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Showing posts with label multiply. Show all posts
Showing posts with label multiply. Show all posts

## Sunday, November 4, 2012

### Multiplying Polynomials

The distributive property and the product rule for exponents are the keys to multiplication of polynomials. Remember the product rule,
It says that when we multiply two numbers with the same base we must add the exponents.

Monomial x Polynomial
Multiply.
A common mistake is to distribute when working with multiplication. The distributive property only applies when addition or subtraction separates the terms.
Binomial x Polynomial: Use the distributive property to multiply polynomials by binomials.
We can save a step by distributing each term in the binomial individually. Sometimes this technique is referred to as the FOIL method. (FOIL – Multiply the First, Outer, Inner and then Last terms together.)

Multiply.
When combining like terms, be sure that the variable parts are exactly the same. Go slow and work in an organized fashion because it is easy to make an error when many terms are involved.
It is good practice to recheck your distributive step.
Trinomial x Polynomial
The following problem is one that we will have to be able to do before moving on to the next algebra course. These are tedious, time consuming, and often worked incorrectly. Use caution, take your time and work slowly.
Function notation for multiplication looks like
Given the functions f and g find (f g)(x).
The following special products will simplify things if we memorize them.
This special product is often called difference of squares. Notice that the middle terms cancel because one term will always be positive and the other will be negative.
We may use these formulas as templates when multiplying binomials. It is a good idea to memorize them.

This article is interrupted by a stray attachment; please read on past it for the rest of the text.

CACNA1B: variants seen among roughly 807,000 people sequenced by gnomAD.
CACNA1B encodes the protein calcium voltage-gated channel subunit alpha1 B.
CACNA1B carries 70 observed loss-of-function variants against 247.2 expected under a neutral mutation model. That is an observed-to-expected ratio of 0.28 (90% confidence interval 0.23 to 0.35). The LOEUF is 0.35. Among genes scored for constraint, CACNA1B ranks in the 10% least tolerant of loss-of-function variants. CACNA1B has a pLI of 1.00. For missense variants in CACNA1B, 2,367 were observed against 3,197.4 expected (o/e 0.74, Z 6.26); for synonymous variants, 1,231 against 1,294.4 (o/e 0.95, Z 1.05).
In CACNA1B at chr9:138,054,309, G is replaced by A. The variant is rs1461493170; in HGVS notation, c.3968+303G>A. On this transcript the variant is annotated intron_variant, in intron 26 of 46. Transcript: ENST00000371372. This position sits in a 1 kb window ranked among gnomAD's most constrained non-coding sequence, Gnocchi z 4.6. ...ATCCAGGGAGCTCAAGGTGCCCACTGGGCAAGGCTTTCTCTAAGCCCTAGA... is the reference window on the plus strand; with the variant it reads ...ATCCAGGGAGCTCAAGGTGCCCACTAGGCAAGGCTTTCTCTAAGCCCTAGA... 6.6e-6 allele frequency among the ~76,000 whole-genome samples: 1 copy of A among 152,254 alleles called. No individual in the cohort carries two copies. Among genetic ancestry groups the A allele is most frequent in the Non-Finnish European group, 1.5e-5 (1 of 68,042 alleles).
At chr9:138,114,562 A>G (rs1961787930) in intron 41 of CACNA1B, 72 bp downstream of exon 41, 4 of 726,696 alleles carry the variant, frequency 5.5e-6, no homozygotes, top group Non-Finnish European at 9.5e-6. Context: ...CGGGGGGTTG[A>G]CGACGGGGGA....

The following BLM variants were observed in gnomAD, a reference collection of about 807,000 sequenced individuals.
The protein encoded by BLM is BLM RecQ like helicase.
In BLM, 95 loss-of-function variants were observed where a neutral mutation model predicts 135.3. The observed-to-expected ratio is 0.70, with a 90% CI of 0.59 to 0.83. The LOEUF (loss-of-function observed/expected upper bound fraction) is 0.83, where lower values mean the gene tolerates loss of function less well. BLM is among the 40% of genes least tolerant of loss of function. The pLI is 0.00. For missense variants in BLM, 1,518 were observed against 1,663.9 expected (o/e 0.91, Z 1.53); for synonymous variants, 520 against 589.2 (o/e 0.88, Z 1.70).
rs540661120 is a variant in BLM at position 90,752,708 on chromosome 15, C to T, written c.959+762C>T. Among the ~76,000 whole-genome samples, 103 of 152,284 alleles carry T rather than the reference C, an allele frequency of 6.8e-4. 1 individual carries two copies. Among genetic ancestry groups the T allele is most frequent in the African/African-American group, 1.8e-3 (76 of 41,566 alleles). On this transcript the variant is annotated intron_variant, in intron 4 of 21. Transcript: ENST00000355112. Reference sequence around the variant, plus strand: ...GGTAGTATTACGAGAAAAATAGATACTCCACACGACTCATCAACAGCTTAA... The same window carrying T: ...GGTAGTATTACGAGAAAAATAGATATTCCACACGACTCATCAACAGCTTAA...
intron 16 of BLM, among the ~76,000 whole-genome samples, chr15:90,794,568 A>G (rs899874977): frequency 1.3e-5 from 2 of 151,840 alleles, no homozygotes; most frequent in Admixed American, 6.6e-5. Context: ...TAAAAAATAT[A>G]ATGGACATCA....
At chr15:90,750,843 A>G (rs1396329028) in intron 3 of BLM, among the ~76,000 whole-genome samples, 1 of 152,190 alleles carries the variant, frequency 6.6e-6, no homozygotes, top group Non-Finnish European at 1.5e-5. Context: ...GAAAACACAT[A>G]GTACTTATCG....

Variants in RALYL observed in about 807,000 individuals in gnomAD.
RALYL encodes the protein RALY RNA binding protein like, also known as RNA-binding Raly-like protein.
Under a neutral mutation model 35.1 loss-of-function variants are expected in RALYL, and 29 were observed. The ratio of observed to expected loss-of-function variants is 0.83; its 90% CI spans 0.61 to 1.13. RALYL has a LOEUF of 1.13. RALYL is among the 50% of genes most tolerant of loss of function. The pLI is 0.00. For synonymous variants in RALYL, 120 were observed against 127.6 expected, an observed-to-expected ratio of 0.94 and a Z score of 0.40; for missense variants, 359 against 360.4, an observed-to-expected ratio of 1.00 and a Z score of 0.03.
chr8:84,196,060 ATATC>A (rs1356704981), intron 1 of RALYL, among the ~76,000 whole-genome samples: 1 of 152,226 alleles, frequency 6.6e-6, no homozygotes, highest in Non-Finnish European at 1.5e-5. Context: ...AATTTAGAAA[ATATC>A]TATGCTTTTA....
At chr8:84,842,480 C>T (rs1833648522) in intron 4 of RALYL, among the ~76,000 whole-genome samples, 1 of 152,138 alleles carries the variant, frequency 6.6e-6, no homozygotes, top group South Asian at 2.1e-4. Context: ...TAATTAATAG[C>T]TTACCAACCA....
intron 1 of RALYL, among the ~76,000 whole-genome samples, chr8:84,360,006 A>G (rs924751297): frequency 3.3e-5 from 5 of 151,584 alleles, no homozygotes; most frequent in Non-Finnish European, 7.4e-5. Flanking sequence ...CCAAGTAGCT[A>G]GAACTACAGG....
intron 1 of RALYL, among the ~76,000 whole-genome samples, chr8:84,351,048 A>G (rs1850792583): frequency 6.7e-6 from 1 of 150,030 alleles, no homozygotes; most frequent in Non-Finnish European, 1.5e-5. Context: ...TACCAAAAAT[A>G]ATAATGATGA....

Multiply.

## Saturday, November 3, 2012

### Order of Operations

When several operations are to be applied within a calculation, we must follow a specific order to ensure a single correct result.

Order of Operations:
1. Perform all calculations within the innermost Parentheses first.
2. Evaluate Exponent expressions.
3. Apply the Multiplication and Division operations from left to right.
4. Lastly, work all Addition and Subtraction operations from left to right.
Caution:  Please do not dismiss the fact that multiplication and division should be worked from left to right.  Many standardized exams will test you on this fact.  The following example illustrates the problem.

Instructional Video: Order of Operations - The Basics

Simplify.
Order of operation problems get a bit more tedious when fractions are involved. Remember that when adding or subtracting fractions you need to first find the equivalent fractions with a common denominator. Multiplication does not require a common denominator.

Simplify.

We will see that some of the problems have different looking parentheses { [ ( ) ] }, treat them the same and just remember to perform the innermost parentheses first.  Some problems may involve an absolute value, in which case you will need to apply the innermost absolute value first as you would if it were a parentheses.
To avoid these unnecessary mistakes, work one operation at a time and for each step rewrite everything.  This may seem like a lot of work but it really helps avoid errors.

Simplify.